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  • Writer's pictureben nathan

10 top tips to engage your virtual team

How do we make meetings engaging, constructive and fun? How do we keep our team connected? We’ve all been there or heard the stories, confronted by blank, bored or frozen faces, not knowing what our audience is thinking…

Read our top 10 tips for managing remotely, with proven strategies from clients and colleagues.

1 – Change is different for everyone

It’s hard to feel connected and easy to feel isolated. As one client recently said, ‘the ones who struggle most are the ones who engage least.’

Discuss how the change in working culture is affecting everyone. Take time out to explore everyone’s new working environment, some might be juggling full time work with online learning for children, others struggling with being home alone all day.

As one colleague brilliantly puts it, ‘we’re in the same storm but in different boats.’

2 – Ask for feedback

‘Seek first to understand’ as the great Stephen Covey once said.

Everyone is adapting to a unique set of conditions and we all need help but how will you know unless you ask?

Ask your team how they’d like to operate going forward, for example how often should the team meet, when shall we use video/email/phone, how can we best plan work, how can we check on each other’s wellbeing? Shared rules are a great way to create togetherness, empowerment and harmony.

Some will feel uncomfortable giving suggestions, so why not create a poll so ideas are shared anonymously?

3 – What, why and how?

Reinforce company values and shared vision.

These principles can be quickly forgotten as we navigate unchartered waters. And with individuals scattered around the city, the country, even the globe, it’s even more important to repeat what we’re doing, why we’re doing it and how we work together.

It reminds us of our individual, team and organisational value.

4 – I can’t see in the dark!

Not everyone enjoys seeing themselves on camera but without face to face interaction, we’re in the dark.

If we agree domestic activity might go on in the background, everyone should feel comfortable with their screen on. Then it’s down to us to read facial expressions - that nod in agreement, that raising of eyebrows for surprise, that furrowed brow that someone doesn’t understand - key cues which tell how engaged our people really are.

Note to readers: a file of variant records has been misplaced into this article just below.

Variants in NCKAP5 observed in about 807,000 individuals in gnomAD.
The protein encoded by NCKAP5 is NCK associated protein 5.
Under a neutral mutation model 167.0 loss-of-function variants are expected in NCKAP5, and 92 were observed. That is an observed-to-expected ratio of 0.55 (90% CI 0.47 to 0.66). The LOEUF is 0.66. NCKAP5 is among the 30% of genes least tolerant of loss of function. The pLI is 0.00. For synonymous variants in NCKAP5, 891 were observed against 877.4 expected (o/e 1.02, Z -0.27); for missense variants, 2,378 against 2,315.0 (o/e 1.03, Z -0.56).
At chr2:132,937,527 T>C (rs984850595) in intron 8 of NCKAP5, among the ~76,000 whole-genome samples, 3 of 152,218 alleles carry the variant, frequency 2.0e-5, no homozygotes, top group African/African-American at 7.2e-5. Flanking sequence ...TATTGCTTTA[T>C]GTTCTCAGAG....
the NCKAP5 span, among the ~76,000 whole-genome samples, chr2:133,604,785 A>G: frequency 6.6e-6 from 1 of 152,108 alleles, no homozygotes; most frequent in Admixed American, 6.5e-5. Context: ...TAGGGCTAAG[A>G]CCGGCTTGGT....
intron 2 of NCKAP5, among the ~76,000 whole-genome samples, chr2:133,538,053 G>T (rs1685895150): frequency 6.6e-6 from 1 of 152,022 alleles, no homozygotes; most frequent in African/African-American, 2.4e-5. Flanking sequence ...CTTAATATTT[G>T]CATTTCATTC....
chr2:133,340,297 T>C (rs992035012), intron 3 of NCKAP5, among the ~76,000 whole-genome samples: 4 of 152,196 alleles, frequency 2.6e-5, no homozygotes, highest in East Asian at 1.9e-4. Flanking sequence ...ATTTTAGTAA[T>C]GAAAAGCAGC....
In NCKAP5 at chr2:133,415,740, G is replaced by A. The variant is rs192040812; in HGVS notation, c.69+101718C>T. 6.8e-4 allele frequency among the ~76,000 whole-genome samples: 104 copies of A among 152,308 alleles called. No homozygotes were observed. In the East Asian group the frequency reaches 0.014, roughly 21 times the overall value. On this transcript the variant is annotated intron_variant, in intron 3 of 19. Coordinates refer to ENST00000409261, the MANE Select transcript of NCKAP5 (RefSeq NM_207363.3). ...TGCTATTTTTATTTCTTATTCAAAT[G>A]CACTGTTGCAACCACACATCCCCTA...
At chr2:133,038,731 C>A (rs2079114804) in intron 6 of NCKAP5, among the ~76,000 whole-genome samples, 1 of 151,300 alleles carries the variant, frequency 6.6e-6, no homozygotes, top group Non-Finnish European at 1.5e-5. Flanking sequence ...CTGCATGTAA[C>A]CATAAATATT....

5 - See it, name it

Be tough on the problem not the person.

You’re on a video call and someone looks distant, another distracted, don’t just keep going! If you see it, name it. We’re not saying name and shame but do name the ‘behaviour.’ Which might sound like, ‘I can see that some of you look distracted, raise your hand if you think we need a break?’

6 – I miss the water cooler

The water cooler is a place to bump into colleagues, have a chat and share valuable experiences but how do we recreate it in a virtual environment?

Clients tell us these initiatives work as a great substitute – regular coffee mornings in a ‘dip in, dip out’ format, a wider chat room for informal chat, meetings in smaller groups. One colleague did a virtual happy hour where everyone shared a drink, hung out and chatted about everything but work!

7 – Zoom, Zoom, Zoom

Video chats don’t suit everyone.

Different communication channels are there for a reason but do you know each team member’s preference? Maybe one person prefers communicating over email for a particular task, another doing 121’s by phone.

‘Karen, it’s Mike, I thought it would be better to call…’

8 – Embrace well-being

Most people are feeling a lack of safety with so much change.

In 121 meetings, or with the whole team if you feel comfortable, put well-being on the table. Ask how the team are coping with the transition, what they are finding most difficult, get each team member to share something about life outside of work, and remind everyone of the internal support services available.

Finally, when you’re discussing these delicate topics on screen, don’t forget the basics - nod to show you are listening, repeat back what you’ve heard and summarise too.

9 - Shared experience

Continue routines you used to have in the office or create new ones!

Get the day off to a positive start by sharing the priorities and objectives for the day. One of my clients loves her team manager’s visual plan each morning, she says it makes her feel part of the company vision. Another client asks the team to describe one thing nobody else knows about them each week, with great results!

10 – Thanks but not for me

Finally, you might not feel comfortable initiating any of the above, they’re new, they’re different, maybe you’re not convinced they’ll work. Whatever your thinking, your team will appreciate the attention, care and support you’re looking to provide.

We hope you like these thoughtful and easy to implement changes which will help your team feel more engaged, feel more supported and be more motivated to do great work!

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